Health Screening: What You Should Do When Starting a New Exercise Program
by Nick A. Titley, M.S., NPI-Certified Posture Specialist
All of my new clients must perform a health screening process. As a personal trainer and NPI-Certified Posture Specialist™ it’s important that I perform some form of assessment and risk stratification to ensure that my clients are able to meet the demands of the new regimen. Sometimes, clients aren’t able to dive into a new routine because they are considered “high risk” due to a health related issue. In this article, you’ll learn more about the health forms and criteria that can determine your risk levels and what you need to do if you’re considered “high risk”.
If this is the first time you’re reading about health screening or assessments then this is the perfect opportunity for you to learn more. Every personal trainer and health/medical professional should take you through an assessment process. The American College of Sports Medicine website states that fitness assessments will help in the development of individualized training programs and can be used to check for heart disease and other chronic diseases.
Assessments include Medical History forms, a Physical Activities Readiness Questionnaire (PAR-Q), a Cardiovascular Risk Factor form, Informed Consent and a Physician Clearance form. A PAR-Q will determine your readiness to exercise. A medical form will ask for detailed information like blood pressure, obesity, cholesterol levels, heart disease and stroke. It may also ask what medications you’re currently taking.
If you’ve never taken any of these assessments and you’re working with a trainer I suggest you ask them to conduct assessments because they don’t have a solid idea of who you are and run the risk of putting your health in danger.
The American College of Sports Medicine (ACSM) has created a risk stratification form that allows the professional to determine whether you’re low, medium or high risk and in need of modifications or further medical evaluation before beginning your new program.
The ACSM form examines age, family history, cigarette smoking, sedentary lifestyle, obesity, hypertension, diabetes and dyslipidemia (related to cholesterol levels) as criteria for assessing your risk level. In ACSM’s Guidelines for Exercise Testing & Prescription if you have symptoms of cardiovascular disease (CVD), or you’ve been diagnosed with a known cardiovascular, pulmonary or metabolic disease then you’re considered “high risk” and require a physician’s approval before starting an exercise program.
If there are no symptoms of CVD or a diagnosed disease, but you have less than two risk factors then you’re considered “low risk”. If you have two or more risk factors then you’re considered “medium risk”. If you fall into the low or medium risk areas then you don’t require a physician’s approval, but it’s always advised that you still see a health professional if you’re unsure about your wellbeing.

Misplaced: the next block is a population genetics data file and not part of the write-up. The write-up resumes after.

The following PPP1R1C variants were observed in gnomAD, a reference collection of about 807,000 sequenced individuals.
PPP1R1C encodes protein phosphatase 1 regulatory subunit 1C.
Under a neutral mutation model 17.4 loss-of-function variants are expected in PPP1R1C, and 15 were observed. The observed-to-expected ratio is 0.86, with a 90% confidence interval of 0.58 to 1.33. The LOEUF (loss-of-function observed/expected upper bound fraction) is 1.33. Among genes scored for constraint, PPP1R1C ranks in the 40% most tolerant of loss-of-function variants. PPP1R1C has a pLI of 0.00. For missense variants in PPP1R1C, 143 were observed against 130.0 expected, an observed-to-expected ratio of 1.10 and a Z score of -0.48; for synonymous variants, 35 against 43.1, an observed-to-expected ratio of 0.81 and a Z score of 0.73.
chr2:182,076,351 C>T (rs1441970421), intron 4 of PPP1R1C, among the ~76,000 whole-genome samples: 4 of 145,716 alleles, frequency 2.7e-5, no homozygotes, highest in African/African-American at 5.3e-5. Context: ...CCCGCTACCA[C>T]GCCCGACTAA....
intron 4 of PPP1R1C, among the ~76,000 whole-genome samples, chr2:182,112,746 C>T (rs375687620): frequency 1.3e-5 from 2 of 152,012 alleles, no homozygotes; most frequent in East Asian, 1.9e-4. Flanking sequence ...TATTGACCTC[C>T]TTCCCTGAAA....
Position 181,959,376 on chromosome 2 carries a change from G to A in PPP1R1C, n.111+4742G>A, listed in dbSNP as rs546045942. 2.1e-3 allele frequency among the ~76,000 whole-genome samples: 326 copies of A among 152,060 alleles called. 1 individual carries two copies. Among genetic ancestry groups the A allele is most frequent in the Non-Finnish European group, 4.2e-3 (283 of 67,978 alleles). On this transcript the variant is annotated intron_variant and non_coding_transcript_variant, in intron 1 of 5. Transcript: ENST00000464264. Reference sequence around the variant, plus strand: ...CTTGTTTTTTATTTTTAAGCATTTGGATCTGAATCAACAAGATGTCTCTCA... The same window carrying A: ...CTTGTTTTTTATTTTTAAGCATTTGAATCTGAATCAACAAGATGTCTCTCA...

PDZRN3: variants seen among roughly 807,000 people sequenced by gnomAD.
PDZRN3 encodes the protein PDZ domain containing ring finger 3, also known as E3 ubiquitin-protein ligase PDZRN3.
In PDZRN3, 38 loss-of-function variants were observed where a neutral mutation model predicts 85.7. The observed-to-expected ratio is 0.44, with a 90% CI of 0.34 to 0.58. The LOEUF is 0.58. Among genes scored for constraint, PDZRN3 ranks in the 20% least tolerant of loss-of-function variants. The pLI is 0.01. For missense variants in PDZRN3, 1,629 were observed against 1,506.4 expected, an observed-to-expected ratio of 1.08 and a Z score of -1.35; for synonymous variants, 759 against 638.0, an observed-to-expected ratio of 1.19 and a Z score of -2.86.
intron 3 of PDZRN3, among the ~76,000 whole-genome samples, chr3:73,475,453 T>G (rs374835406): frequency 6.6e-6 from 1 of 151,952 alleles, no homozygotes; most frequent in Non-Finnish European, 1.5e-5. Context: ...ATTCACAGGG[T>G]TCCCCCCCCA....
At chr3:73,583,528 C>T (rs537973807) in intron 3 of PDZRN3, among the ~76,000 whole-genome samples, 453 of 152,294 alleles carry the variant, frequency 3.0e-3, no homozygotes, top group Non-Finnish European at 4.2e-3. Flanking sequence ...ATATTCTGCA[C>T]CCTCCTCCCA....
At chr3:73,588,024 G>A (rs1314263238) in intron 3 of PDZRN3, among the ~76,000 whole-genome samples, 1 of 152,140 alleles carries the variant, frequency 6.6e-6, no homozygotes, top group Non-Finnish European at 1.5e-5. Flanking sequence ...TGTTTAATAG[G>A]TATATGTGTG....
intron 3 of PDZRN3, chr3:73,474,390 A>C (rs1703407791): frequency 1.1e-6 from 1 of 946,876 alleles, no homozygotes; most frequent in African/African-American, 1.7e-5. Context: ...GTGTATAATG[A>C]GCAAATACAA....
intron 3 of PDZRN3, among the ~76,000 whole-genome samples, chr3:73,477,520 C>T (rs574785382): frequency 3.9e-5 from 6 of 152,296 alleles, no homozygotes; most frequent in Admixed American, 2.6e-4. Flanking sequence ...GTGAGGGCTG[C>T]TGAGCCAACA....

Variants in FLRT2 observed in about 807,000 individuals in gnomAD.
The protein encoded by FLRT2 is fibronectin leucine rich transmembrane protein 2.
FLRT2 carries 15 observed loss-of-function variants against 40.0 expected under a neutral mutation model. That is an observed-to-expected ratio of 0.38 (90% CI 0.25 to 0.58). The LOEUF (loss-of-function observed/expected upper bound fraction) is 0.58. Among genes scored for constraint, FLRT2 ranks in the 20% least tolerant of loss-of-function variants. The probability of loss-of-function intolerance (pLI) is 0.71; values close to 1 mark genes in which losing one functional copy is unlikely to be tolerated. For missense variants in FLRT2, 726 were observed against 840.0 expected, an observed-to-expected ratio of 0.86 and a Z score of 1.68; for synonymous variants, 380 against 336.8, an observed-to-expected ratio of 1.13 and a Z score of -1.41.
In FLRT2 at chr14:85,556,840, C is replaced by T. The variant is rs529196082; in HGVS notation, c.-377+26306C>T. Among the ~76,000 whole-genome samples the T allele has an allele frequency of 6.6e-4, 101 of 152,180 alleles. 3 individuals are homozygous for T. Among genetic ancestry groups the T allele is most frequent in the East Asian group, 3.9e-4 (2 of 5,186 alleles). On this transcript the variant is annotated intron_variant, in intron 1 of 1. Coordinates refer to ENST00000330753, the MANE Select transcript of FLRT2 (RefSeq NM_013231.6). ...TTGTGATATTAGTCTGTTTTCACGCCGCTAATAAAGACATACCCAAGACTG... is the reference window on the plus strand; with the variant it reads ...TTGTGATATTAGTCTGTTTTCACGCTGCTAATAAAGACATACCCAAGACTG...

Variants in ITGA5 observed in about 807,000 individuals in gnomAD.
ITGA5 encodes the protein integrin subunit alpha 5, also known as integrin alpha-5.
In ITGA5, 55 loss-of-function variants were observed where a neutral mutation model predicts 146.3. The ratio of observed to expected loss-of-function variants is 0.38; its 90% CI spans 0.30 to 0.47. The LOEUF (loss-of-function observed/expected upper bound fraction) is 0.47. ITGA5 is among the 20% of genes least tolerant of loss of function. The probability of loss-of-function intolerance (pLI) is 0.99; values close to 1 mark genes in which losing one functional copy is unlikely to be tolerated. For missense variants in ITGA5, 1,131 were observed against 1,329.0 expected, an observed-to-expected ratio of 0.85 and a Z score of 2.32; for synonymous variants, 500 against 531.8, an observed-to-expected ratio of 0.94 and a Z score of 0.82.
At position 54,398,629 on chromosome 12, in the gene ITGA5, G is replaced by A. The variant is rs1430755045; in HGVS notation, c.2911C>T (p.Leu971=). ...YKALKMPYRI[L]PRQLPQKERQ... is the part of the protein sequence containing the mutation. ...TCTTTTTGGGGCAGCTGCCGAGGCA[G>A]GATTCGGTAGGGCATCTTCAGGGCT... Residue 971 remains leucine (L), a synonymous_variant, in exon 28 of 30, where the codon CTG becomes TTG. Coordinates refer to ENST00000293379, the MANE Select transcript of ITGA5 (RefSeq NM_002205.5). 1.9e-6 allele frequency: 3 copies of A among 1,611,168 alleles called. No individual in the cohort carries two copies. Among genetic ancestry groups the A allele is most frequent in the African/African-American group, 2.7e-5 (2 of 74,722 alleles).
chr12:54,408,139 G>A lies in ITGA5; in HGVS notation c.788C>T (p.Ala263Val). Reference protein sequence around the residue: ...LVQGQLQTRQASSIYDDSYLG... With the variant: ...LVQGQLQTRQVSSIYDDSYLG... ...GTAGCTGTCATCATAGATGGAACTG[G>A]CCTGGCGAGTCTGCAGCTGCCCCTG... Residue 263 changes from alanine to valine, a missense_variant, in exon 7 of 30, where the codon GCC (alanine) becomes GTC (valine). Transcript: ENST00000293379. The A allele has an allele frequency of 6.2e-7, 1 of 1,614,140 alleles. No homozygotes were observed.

Confused about your risk? Here’s an example: If you’re currently a smoker, obese, live a sedentary lifestyle and may have hypertension and be pre-diabetic, you’re considered "medium risk". If you have only one symptom—sedentary lifestyle or you’re a cigarette smoker— then you’re considered “low risk”. However, if you have heart disease, chest pain, known heart murmur or other signs or symptoms suggestive of a disease then you’re considered "high risk" and need to see a doctor before committing to a program.
If you’re starting a new exercise program I highly suggest you urge your professional to conduct a health screening process to find out more about your medical, fitness and health information as it will give you both a better sense of how your needs can be met while avoiding a problem. Safety is your best bet and knowing your health status is applying that principle.
Personal trainers and health professionals need to conduct a health screening process before starting a new program. If you have a known disease like CVD, or show signs and symptoms of a major problem then you’re considered “high risk” and need physician clearance. If these symptoms and diseases are absent then you could be low or medium risk. It’s advised that you still consult a doctor if you’re starting a new program or you’re unsure about your medical history.
- Percia, Matthew, Davis Shala PhD, and Gregory R Dwye. "Getting a Professional Fitness Assessment." ACSM | Articles. ACSM, 10 Jan. 2012. Web. 12 Mar. 2015. <acsm.org/access-public-information/articles/2012/01/10/getting-a-professional-fitness-assessment>.
- Thompson, Walter R. ACSM's Guidelines for Exercise Testing and Prescription. 8th ed. Philadelphia: Lippincott Williams & Wilkins, 2010. Print.